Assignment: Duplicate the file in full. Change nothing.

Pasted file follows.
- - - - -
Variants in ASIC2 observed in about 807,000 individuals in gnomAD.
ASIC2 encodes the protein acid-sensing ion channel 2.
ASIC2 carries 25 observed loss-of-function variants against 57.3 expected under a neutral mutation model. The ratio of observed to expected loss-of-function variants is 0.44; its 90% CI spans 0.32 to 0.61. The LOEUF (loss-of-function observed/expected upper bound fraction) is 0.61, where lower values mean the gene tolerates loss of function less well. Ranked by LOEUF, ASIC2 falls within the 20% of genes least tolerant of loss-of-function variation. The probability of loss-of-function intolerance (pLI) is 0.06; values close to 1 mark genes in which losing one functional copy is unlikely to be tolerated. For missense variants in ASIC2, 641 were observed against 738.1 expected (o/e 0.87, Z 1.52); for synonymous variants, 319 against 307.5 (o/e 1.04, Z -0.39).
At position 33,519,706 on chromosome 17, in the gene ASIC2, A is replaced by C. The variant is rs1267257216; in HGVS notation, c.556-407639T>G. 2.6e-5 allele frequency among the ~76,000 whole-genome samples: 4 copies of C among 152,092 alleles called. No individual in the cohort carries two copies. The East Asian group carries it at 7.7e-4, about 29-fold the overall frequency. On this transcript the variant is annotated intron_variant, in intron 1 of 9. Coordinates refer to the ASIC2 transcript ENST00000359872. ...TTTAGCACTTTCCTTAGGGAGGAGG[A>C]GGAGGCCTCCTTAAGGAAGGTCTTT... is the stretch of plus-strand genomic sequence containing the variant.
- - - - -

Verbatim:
Variants in ASIC2 observed in about 807,000 individuals in gnomAD.
ASIC2 encodes the protein acid-sensing ion channel 2.
ASIC2 carries 25 observed loss-of-function variants against 57.3 expected under a neutral mutation model. The ratio of observed to expected loss-of-function variants is 0.44; its 90% CI spans 0.32 to 0.61. The LOEUF (loss-of-function observed/expected upper bound fraction) is 0.61, where lower values mean the gene tolerates loss of function less well. Ranked by LOEUF, ASIC2 falls within the 20% of genes least tolerant of loss-of-function variation. The probability of loss-of-function intolerance (pLI) is 0.06; values close to 1 mark genes in which losing one functional copy is unlikely to be tolerated. For missense variants in ASIC2, 641 were observed against 738.1 expected (o/e 0.87, Z 1.52); for synonymous variants, 319 against 307.5 (o/e 1.04, Z -0.39).
At position 33,519,706 on chromosome 17, in the gene ASIC2, A is replaced by C. The variant is rs1267257216; in HGVS notation, c.556-407639T>G. 2.6e-5 allele frequency among the ~76,000 whole-genome samples: 4 copies of C among 152,092 alleles called. No individual in the cohort carries two copies. The East Asian group carries it at 7.7e-4, about 29-fold the overall frequency. On this transcript the variant is annotated intron_variant, in intron 1 of 9. Coordinates refer to the ASIC2 transcript ENST00000359872. ...TTTAGCACTTTCCTTAGGGAGGAGG[A>C]GGAGGCCTCCTTAAGGAAGGTCTTT... is the stretch of plus-strand genomic sequence containing the variant.